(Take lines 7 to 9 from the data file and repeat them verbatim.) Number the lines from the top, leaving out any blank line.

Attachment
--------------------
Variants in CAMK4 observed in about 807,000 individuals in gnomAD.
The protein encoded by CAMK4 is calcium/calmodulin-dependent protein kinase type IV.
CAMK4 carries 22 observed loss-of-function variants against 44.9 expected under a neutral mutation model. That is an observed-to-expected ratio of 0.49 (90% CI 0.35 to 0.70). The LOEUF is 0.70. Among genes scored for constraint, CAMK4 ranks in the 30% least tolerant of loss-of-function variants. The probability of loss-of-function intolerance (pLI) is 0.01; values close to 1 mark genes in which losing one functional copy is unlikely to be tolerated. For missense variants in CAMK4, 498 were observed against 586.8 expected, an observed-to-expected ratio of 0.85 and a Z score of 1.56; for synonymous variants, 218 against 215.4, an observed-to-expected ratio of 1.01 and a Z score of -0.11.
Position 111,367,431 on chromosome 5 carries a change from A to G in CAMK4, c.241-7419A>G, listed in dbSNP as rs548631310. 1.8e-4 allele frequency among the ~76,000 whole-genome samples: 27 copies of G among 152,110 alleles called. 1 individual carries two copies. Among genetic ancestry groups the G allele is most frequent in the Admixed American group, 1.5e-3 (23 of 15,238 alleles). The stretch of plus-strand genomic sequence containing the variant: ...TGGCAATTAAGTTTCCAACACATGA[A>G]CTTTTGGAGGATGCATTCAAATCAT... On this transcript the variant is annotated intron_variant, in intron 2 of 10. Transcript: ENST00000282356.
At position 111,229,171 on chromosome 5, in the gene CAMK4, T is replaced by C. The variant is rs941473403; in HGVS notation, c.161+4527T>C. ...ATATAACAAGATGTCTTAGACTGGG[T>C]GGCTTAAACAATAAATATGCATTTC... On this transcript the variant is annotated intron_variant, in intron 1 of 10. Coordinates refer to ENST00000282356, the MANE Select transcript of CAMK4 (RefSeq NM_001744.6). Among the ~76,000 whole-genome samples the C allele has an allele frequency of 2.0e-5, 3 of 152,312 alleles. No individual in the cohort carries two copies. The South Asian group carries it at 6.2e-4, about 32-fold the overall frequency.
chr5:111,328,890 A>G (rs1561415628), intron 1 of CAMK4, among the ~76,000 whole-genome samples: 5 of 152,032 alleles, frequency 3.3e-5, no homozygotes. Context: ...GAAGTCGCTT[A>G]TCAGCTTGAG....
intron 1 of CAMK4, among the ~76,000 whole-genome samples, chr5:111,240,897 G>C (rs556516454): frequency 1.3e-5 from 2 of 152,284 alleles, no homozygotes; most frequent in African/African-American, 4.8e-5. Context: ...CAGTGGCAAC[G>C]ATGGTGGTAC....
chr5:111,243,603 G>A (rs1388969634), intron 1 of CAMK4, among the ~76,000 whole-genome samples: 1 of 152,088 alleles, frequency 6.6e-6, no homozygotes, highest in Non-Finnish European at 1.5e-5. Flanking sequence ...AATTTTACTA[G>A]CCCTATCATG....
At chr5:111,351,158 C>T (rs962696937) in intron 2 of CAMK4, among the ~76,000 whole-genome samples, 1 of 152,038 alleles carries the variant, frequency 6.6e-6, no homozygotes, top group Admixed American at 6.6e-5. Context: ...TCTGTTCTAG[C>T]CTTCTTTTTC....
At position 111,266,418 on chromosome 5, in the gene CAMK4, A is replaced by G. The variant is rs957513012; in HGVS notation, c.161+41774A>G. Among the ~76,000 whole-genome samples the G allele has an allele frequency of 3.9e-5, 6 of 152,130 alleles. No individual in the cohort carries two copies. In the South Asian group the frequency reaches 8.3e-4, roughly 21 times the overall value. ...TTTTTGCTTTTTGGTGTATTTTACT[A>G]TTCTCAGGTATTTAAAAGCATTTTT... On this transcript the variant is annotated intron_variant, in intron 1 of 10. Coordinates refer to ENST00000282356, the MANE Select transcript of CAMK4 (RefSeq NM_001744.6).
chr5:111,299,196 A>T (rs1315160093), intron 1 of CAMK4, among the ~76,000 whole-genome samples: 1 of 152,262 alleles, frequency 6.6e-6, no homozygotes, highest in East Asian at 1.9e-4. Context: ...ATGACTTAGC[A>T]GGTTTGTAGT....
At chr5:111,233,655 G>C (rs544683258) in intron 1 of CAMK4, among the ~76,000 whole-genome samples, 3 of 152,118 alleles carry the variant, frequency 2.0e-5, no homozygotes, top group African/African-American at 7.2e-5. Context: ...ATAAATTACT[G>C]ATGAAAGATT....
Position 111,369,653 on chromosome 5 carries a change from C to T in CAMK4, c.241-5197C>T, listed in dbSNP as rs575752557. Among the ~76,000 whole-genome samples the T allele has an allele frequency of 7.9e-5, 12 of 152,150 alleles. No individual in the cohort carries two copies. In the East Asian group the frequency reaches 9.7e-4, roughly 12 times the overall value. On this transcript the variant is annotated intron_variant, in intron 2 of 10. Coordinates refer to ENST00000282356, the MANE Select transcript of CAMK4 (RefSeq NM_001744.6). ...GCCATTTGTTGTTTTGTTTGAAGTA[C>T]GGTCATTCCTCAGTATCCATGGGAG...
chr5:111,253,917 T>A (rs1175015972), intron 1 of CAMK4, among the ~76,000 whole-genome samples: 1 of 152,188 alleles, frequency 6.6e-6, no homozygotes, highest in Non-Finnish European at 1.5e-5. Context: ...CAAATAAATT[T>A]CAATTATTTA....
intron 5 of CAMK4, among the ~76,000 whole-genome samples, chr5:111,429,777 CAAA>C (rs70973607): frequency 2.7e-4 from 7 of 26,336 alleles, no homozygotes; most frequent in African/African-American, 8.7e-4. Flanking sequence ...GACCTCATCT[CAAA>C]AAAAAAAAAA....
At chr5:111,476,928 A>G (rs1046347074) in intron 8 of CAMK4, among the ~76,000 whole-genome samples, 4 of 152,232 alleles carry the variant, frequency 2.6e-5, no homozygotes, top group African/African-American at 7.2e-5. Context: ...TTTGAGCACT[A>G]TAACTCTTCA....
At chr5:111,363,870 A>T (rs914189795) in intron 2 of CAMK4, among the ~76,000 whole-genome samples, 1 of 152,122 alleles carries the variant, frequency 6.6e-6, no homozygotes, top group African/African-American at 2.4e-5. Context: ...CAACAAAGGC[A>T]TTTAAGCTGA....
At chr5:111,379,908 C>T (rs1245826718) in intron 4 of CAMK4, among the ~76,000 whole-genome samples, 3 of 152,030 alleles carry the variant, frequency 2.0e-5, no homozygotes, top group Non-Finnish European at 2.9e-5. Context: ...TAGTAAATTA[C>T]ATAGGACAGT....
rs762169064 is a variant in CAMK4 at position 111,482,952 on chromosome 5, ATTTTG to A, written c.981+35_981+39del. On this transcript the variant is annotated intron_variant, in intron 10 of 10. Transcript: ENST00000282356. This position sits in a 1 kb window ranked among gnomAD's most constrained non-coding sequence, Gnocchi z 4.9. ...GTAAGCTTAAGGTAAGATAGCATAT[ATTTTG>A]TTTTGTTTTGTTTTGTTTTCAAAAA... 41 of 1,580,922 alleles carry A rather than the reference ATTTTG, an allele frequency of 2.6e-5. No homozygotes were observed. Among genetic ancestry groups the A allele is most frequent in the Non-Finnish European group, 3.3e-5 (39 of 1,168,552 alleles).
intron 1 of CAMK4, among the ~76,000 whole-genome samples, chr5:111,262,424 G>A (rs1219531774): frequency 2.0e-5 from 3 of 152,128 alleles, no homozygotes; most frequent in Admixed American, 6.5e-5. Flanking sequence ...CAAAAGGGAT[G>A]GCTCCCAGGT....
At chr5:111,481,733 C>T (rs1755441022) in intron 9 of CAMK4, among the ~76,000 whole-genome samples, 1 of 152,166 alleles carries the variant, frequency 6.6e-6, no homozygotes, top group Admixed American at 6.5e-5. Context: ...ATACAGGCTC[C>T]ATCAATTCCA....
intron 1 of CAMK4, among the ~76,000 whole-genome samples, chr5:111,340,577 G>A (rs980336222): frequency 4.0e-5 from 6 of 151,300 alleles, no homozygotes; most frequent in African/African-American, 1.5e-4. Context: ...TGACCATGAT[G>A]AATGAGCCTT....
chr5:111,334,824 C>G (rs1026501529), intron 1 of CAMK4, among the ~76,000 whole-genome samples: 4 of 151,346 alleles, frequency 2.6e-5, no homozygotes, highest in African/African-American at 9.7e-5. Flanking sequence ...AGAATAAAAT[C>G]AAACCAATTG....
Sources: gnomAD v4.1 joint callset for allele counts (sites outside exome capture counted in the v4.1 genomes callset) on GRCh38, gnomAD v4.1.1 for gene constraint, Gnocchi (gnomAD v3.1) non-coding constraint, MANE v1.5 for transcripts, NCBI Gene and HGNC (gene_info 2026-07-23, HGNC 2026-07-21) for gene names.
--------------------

intron 1 of CAMK4, among the ~76,000 whole-genome samples, chr5:111,240,897 G>C (rs556516454): frequency 1.3e-5 from 2 of 152,284 alleles, no homozygotes; most frequent in African/African-American, 4.8e-5. Context: ...CAGTGGCAAC[G>C]ATGGTGGTAC....
chr5:111,243,603 G>A (rs1388969634), intron 1 of CAMK4, among the ~76,000 whole-genome samples: 1 of 152,088 alleles, frequency 6.6e-6, no homozygotes, highest in Non-Finnish European at 1.5e-5. Flanking sequence ...AATTTTACTA[G>A]CCCTATCATG....
At chr5:111,351,158 C>T (rs962696937) in intron 2 of CAMK4, among the ~76,000 whole-genome samples, 1 of 152,038 alleles carries the variant, frequency 6.6e-6, no homozygotes, top group Admixed American at 6.6e-5. Context: ...TCTGTTCTAG[C>T]CTTCTTTTTC....